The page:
Note that in the third embodiment, the binding member 61 is guided to the front face 13 side at the overlapping area 30 so that the binding member 60 can be hardly seen from the outside the shuttlecock 1c. Therefore, there is also a benefit of the appearance not being largely spoiled. Note that, appropriate material such as a resin film or fiber material can be employed as the binding member 61 as long as the specific gravity is small. Nonwoven fabric same as the vane portion 12 is used as the binding member 61 in this example. And by using material same as the vane portion 12 allows the shuttlecock to have a uniform appearance and has succeeded in possessing an appearance further closely resembling that of natural feather shuttlecocks. It is a matter of course that reinforcement coating may be coated on also the binding member 61.

Modified Example

FIG. 15 is a schematic view of the shuttlecock 1d according to a modified example of the third embodiment and shows the shuttlecock 1d in a state seen from the bottom toward obliquely above. FIG. 16 shows apart of the sectional view seen when cutting the shuttlecock at the dot-dash line 101 in FIG. 15. As shown in these figures, slit portions 50 are formed to the portions where the reinforcing material 15 is layered on the vane portion 12 in this modified example. Further, the slit portions 50 are on the right side of the sole areas 40 with regard to the rachis portion 20. In other words, the binding member 61, after being guided from the back face 14 toward the front face 13 through a slit portion 50 of one artificial feather 10g, crosses the rachis portion 20 at this front face 13. And the binding member 61 reaches the back face 14 of the adjacent artificial feather 10g to be guided to the front face 13 of the adjacent artificial feather 10g through the slit portion 50, in a similar manner.

In this modified example, since a band-like binding member 61 having width intervenes across from a slit portion 50 of its own to the right edge 16 at the back face 14 of the artificial feather 10g on the outside at the overlapping area 30, the front face 13 of the artificial feather 10g on the outside would not creep under the back face 14 side of the pertinent artificial feather 10g on the inside from the left edge 17 of the artificial feather 10g on the inside. In other words, intersection is prevented from occurring.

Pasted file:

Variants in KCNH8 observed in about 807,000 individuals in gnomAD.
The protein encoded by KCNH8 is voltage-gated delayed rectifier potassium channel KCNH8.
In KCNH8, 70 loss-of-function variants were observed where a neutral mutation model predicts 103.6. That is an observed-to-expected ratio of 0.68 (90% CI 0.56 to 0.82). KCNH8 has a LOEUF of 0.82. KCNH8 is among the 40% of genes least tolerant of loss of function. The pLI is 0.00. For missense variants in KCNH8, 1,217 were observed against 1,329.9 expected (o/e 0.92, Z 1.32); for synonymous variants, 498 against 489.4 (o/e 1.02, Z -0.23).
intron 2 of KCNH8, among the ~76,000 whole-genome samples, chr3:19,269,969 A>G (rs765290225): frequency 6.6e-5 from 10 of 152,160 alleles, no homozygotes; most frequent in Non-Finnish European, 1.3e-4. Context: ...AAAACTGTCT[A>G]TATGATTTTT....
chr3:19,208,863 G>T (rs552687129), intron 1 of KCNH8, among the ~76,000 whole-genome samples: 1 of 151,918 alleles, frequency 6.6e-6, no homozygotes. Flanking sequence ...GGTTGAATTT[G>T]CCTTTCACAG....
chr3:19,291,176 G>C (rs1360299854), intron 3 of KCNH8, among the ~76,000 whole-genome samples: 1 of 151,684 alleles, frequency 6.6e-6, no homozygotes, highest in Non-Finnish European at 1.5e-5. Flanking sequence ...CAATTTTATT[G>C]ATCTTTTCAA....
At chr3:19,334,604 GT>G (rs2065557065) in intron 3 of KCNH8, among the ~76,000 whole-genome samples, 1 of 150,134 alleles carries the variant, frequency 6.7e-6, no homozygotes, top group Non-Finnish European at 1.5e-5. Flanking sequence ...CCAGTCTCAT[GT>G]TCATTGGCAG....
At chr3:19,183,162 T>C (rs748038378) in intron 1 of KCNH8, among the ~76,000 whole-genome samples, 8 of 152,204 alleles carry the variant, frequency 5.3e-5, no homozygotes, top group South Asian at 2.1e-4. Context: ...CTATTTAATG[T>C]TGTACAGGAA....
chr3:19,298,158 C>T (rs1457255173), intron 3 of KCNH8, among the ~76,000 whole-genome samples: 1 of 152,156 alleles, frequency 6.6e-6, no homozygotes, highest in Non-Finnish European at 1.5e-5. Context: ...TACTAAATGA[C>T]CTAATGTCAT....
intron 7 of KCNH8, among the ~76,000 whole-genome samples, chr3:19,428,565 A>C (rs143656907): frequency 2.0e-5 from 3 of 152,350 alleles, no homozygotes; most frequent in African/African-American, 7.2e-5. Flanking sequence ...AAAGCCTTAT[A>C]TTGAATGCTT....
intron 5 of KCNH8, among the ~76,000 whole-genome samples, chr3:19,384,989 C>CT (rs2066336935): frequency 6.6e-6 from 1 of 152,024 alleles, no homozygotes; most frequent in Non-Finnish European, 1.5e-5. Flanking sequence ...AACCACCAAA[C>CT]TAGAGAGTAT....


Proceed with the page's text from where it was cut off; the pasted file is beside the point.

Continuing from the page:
Fourth Embodiment

The shuttlecock according to the fourth embodiment of the present invention has a characteristic in a structure that prevents intersection similar to the second and third embodiments. FIGS. 17A and 17B are schematic diagrams of the artificial feather 10h used for the shuttlecock according to the fourth embodiment. FIGS. 17A and 17B respectively show planar views of the front face 13 and the back face 14 of the artificial feather 10h. The figures here show an example where the reinforcing material 15 of a foam body is layered on the front face 13 side of the vane portion 12. Further, FIGS. 18 and 19 show the external diagrams of the shuttlecock 1e of the fourth embodiment. FIG. 18 shows a perspective view of the shuttlecock 1e seen from the bottom toward obliquely above and FIG. 19 shows a perspective view seen from above.

As shown in FIG. 17, the artificial feather 10h used for the shuttlecock 1e of the fourth embodiment has a structure where the reinforcing material 15 is in a shape with the left side rim cut, seen form the front face 13, layered on the front face 13 side of the vane portion 12 and an approximately L shaped protrusion 70 is formed to the left side edge portion of the vane portion 12, to protrude to the left from above and then bent downward. And the protrusion 70 is positioned on the back face 14 side of another artificial feather 10h on the left at the overlapping area 30.